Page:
secured through PayPal. Multiple purchases will be consolidated by that feature and shipping and handling costs to any

destination in the world are accommodated by our flat-rate fee of US$20 for every US$200 worth of purchases.


Of course, should you wish to discuss some customised options, we welcome your contact on any matter through


In the meantime, enjoy perusing these wonderful images from Violet Brunton.



The colour illustrations


Puss in Boots

The Miller feared nothing



The Bridal March

He composed the Bridal March

The Nightingale

They found a poor little girl

The Water King and

Vasilissa the Wise

The Tzar mounted on the

back of the Eagle

Reproduction on 12x18" sheet

Code: VB GM C1 (12x18)
Price: US$60.00



Reproduction on 12x18" sheet

Code: VB SM C2 (12x18)
Price: US$60.00



Reproduction on 12x18" sheet

Code: VB SM C3 (12x18)
Price: US$60.00



Reproduction on 12x18" sheet

Code: VB SM C4 (12x18)
Price: US$60.00



The Water King and

Vasilissa the Wise

The Water King pursued them





The Golden Apple-Tree and

the Nine Peahens

Under the Apple Tree

The Golden Twins

See what your wife has given you

The Merry Dun of Dover

And there they remain on the

hill side to this day



Reproduction on 12x18" sheet

Code: VB SM C5 (12x18)
Price: US$60.00



Reproduction on 12x18" sheet

Code: VB SM C6 (12x18)
Price: US$60.00



Reproduction on 12x18" sheet

Code: VB SM C7 (12x18)
Price: US$60.00



Reproduction on 12x18" sheet

Code: VB SM C8 (12x18)
Price: US$60.00







The major monotone illustrations



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Romer Wilson's Introduction to Green Magic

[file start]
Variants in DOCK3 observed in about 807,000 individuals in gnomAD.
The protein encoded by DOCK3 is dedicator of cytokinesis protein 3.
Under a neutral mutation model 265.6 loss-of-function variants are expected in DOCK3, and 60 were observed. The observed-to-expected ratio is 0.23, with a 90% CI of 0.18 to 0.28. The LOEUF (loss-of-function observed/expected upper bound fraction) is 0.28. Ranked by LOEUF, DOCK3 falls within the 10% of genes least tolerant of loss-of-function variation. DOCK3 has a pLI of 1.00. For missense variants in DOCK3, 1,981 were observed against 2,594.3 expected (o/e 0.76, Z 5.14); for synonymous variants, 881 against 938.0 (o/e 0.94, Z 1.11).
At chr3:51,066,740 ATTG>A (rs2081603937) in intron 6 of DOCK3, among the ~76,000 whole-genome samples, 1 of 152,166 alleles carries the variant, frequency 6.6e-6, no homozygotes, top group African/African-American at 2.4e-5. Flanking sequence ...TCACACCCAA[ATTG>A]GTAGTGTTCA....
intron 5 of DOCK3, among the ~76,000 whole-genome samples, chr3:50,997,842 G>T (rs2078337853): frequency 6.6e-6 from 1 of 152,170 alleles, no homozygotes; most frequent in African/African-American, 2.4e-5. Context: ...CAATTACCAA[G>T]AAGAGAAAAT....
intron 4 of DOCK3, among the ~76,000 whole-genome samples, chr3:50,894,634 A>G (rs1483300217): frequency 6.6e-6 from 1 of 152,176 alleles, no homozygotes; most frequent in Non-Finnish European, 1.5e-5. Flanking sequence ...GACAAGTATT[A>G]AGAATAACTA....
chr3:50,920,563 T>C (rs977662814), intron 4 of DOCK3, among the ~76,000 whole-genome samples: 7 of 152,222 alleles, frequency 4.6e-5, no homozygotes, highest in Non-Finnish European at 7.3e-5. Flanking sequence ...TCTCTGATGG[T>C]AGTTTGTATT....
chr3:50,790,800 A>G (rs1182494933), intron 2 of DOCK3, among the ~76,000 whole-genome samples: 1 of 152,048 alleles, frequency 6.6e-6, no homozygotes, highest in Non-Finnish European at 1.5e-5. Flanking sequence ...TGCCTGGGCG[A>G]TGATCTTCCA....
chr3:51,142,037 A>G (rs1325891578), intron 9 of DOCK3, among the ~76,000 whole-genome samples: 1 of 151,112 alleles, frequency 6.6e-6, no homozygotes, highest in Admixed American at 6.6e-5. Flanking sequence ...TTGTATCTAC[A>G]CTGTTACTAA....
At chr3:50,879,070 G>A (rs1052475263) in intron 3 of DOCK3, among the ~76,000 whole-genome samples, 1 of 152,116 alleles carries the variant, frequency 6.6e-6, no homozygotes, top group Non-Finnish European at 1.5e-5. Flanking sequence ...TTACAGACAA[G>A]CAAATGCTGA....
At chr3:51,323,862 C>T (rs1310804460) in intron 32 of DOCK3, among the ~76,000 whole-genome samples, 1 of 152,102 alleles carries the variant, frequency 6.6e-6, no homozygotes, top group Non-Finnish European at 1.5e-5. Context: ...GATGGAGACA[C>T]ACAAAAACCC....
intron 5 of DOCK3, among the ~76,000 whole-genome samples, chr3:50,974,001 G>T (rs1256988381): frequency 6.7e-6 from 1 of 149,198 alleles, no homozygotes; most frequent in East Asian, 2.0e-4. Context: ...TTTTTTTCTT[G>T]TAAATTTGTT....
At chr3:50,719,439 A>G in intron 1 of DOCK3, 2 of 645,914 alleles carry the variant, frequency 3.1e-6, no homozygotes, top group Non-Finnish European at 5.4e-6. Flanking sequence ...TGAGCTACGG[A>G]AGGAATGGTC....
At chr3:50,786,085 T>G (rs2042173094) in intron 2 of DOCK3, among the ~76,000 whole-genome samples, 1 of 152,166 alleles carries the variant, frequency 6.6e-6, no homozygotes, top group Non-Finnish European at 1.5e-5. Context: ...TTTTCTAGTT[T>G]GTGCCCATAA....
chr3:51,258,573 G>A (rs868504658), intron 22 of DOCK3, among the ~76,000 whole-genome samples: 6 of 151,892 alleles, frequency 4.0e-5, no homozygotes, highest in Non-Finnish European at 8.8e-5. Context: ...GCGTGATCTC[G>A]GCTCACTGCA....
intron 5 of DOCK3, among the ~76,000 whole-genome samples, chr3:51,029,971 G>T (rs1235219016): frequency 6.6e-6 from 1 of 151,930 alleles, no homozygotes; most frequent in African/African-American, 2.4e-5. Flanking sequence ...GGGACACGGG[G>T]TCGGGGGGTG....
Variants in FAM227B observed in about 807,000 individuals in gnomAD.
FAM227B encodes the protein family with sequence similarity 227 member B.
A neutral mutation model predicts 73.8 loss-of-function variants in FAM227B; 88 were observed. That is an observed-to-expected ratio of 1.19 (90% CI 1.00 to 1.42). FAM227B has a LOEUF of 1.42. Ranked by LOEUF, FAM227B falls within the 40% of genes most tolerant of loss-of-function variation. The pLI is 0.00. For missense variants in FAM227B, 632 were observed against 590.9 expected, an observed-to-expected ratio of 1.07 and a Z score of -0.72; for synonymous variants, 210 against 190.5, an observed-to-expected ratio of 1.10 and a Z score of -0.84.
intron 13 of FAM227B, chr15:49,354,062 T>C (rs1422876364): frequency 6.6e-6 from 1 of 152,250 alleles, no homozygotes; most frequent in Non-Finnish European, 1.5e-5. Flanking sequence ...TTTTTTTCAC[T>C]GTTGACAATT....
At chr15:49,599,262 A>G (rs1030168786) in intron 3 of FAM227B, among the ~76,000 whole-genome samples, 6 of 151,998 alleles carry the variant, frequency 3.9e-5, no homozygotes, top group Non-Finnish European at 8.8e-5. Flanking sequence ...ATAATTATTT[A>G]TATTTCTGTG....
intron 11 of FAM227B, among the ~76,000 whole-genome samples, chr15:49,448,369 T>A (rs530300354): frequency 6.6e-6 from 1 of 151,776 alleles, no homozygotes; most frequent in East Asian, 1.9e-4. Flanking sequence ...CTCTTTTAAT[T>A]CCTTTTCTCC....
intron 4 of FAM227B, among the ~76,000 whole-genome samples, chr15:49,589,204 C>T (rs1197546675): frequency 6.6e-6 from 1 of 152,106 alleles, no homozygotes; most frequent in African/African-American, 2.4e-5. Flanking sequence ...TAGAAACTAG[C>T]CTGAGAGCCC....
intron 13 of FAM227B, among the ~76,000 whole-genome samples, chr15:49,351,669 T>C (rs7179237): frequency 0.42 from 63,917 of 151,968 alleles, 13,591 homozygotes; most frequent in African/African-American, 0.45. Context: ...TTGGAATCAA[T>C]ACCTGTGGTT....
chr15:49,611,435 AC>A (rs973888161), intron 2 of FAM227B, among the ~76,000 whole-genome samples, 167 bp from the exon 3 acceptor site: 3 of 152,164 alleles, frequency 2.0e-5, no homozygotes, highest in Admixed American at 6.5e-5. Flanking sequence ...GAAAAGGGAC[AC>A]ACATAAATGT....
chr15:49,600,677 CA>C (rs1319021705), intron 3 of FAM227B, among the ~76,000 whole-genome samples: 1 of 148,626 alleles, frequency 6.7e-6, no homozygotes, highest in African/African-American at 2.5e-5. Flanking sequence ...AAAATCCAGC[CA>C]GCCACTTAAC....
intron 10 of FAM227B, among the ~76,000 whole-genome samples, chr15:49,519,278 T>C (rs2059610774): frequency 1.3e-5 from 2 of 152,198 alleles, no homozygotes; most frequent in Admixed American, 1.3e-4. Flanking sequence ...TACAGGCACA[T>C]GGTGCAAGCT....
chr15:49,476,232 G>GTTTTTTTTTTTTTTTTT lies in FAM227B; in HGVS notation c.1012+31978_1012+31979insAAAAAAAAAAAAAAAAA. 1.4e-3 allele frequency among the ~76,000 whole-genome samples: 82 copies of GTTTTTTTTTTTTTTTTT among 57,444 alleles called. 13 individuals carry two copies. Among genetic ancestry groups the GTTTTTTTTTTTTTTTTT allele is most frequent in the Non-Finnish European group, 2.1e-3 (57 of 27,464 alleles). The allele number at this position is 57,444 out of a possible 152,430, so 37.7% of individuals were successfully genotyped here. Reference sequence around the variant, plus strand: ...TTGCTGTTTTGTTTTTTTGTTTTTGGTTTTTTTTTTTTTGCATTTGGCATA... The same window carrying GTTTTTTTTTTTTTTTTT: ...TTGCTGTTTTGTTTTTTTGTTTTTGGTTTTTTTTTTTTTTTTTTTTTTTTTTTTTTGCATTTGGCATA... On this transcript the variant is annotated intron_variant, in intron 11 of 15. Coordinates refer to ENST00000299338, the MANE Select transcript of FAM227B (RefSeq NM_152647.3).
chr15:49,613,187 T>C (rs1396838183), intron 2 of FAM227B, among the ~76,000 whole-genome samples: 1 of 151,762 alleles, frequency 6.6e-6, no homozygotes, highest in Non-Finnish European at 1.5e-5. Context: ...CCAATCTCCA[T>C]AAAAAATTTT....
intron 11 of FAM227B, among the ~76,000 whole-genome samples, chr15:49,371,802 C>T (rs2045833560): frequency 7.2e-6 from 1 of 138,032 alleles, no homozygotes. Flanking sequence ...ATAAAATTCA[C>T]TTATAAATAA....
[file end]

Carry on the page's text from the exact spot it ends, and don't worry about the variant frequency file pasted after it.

Do you believe in fairies?


I will tell you what I have heard from full-grown men and women on the subject. When I have told you what I have

heard, you can read these stories, and after that please judge for yourselves. I won't have anything to do with it one way

or another, because if I say "There are fairies," certainly elderly people might say, "Nonsense!" as will people of thirty or so,

who have reached a ripe old age, and whose memories of their fairy-tale years are long ago decayed. If I say "There are

no fairies," I might get on the wrong side of the Good Folk. You know what happened to the Sleeping Beauty because her

mother forgot to task a fairy to her christening! Something like that might happen to me if I offended their High Mightinesses,

or worse (to sleep for one hundred years is not too bad) for I might be stolen away, and only sent home after seven long

years with my toes danced off like the Woman of Hart Lake, that Mr Yeats calls to mind. Or those Small Gentry might "turn

me into an ugly worm and bid me toddle about a tree," which sad fate befell more than one young gentleman who